Stephan Manning is Associate Professor of Management at UMass Boston and co-editor of the Organizations and Social Change blog website.


10 thoughts on “Do We Need More (Ice Bucket) Challenges to Change the World?

  1. The Ice Bucket challenge is still memorable today, three years after the original blog post. A campaign that generates so much media attention and generates so much money should only be commended, instead of receiving negative criticism. I also think it is important that celebrities backed this challenge as this helped to create awareness and used their status to do something good for society and educate, in particular, youngsters about ALS.

  2. Great article! I honestly think that Ice Bucket Challenge is a great idea. Not only because it is good for your body, but also by doing that people actually helped people with needs. The purpose of the challenge was to raise money and awareness for ALS. And if that a good thing, why people should stop doing that? I think it was a successful challenge, and the ALS Association raised awareness and got 4 $million, which is incredible!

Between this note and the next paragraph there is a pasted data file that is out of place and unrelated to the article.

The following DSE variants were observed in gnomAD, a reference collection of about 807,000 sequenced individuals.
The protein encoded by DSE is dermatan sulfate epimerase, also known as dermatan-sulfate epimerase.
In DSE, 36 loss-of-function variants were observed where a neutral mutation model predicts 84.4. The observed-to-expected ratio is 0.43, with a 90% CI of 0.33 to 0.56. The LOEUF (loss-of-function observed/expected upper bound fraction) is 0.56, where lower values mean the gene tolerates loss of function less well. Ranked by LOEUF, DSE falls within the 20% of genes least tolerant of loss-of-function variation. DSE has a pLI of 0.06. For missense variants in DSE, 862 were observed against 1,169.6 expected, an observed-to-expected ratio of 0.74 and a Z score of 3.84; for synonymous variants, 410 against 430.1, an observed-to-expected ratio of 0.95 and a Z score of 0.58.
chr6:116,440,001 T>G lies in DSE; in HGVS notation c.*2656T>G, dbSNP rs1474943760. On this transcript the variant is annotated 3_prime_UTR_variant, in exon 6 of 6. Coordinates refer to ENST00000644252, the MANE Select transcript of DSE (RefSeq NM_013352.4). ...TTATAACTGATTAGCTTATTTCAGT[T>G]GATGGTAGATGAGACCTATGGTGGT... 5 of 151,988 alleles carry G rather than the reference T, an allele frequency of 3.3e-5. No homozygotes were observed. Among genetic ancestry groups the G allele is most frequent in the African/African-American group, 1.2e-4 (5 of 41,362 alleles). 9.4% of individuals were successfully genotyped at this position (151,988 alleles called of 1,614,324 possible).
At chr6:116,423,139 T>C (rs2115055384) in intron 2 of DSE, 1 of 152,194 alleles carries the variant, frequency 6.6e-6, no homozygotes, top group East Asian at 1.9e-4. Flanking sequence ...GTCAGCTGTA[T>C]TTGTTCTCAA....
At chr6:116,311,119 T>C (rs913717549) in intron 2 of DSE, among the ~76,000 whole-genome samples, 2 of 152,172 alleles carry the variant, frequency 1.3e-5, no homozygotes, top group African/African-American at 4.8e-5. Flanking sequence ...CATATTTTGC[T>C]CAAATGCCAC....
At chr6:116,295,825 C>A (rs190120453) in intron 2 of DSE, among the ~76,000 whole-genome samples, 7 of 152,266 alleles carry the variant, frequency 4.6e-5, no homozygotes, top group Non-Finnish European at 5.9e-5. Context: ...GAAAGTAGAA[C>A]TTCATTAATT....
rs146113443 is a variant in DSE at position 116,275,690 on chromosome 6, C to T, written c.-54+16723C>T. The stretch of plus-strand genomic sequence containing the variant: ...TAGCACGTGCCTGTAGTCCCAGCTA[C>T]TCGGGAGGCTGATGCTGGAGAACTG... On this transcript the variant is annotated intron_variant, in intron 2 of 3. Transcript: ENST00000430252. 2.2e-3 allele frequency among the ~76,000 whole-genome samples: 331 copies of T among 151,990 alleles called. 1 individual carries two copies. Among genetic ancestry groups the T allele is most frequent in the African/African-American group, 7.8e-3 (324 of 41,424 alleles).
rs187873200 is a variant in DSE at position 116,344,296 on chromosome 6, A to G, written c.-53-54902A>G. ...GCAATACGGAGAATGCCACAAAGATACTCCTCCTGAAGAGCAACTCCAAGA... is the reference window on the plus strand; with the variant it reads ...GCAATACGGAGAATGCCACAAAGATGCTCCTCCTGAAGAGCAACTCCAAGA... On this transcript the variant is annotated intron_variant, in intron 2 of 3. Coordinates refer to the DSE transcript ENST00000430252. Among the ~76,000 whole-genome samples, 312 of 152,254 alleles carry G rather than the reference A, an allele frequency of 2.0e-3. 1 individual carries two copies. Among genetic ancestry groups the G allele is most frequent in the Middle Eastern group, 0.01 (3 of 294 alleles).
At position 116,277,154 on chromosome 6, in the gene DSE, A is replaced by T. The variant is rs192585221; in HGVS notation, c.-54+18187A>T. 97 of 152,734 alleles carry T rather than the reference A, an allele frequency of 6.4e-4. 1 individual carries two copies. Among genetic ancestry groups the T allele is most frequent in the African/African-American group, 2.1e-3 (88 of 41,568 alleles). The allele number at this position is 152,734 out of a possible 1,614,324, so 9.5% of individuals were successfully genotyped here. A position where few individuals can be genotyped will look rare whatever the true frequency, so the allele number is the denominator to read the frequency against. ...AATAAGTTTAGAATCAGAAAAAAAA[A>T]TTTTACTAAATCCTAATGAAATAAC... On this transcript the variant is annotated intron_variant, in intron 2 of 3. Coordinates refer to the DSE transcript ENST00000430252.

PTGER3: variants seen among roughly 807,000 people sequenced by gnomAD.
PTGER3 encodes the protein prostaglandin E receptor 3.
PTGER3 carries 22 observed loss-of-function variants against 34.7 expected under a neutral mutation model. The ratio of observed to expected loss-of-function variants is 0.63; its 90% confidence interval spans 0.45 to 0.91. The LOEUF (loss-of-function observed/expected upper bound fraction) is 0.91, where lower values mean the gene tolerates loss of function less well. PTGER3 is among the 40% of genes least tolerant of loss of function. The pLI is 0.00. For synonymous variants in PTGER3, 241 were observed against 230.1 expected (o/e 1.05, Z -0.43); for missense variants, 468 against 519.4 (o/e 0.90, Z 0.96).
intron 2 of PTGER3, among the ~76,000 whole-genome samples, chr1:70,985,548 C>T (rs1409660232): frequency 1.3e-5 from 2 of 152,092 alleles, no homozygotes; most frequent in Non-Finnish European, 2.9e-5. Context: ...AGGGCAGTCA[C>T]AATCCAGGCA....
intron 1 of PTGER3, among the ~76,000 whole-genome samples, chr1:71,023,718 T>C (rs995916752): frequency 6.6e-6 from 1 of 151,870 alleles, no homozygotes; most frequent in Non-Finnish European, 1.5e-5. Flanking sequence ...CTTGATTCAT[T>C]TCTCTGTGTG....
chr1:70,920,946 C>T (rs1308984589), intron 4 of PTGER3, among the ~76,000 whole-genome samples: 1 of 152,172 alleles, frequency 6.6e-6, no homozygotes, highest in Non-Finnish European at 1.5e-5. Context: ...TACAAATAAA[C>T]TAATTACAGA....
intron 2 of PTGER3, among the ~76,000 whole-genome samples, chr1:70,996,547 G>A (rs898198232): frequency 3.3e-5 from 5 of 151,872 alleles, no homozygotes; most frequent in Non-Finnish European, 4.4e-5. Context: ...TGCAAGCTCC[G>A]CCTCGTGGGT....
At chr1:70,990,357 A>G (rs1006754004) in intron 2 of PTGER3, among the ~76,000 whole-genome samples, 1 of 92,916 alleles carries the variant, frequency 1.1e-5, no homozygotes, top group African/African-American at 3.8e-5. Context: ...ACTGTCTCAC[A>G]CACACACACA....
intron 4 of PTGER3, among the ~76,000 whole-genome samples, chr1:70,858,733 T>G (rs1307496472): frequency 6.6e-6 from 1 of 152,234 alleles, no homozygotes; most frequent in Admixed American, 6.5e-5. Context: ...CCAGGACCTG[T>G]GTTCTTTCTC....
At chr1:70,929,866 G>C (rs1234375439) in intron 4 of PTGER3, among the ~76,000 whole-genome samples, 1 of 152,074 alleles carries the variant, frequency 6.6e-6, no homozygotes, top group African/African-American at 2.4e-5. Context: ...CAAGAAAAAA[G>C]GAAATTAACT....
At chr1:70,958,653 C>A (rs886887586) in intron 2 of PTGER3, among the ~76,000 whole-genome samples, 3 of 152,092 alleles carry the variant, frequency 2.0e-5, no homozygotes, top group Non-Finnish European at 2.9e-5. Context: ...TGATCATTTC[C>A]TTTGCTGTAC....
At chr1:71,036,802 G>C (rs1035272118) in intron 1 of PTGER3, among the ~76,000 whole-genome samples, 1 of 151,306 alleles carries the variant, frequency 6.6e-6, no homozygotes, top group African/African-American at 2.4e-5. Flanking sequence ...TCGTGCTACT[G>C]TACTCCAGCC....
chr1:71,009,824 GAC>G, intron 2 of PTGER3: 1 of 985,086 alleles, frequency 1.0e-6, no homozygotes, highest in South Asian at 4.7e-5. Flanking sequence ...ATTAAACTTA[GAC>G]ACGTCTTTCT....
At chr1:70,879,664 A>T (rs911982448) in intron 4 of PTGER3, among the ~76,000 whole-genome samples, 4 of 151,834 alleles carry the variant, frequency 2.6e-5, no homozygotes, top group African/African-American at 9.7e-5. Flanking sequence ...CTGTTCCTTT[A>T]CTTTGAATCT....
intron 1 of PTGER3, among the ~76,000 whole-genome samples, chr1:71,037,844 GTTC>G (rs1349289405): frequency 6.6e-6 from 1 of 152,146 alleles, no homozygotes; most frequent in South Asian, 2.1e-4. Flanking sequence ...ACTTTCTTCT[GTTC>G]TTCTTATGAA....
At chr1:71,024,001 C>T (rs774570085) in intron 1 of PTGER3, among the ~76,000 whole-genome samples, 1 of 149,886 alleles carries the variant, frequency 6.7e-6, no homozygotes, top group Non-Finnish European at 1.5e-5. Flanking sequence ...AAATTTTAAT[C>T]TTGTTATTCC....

3. There is no doubt that this ice bucket challenges raises the awareness on ALS, I can’t say it is a bad idea to nominate our friends or coworker but in this case I disagree about the ice bucket challenges I think it is a bad idea, since this is totally wasting water. Why can’t people just donate money and why they have to waste water? Even though my friends nominated me in last summer I also rejected their challenge because I think donate money is a better decision. Do they know how much water did they all waste? Do they know people in the poor country don’t have water or they have to walk a long way to get clean water in order to survive. Why do they have to do this kind of “funny” ice bucket challenges in order to raises people attention?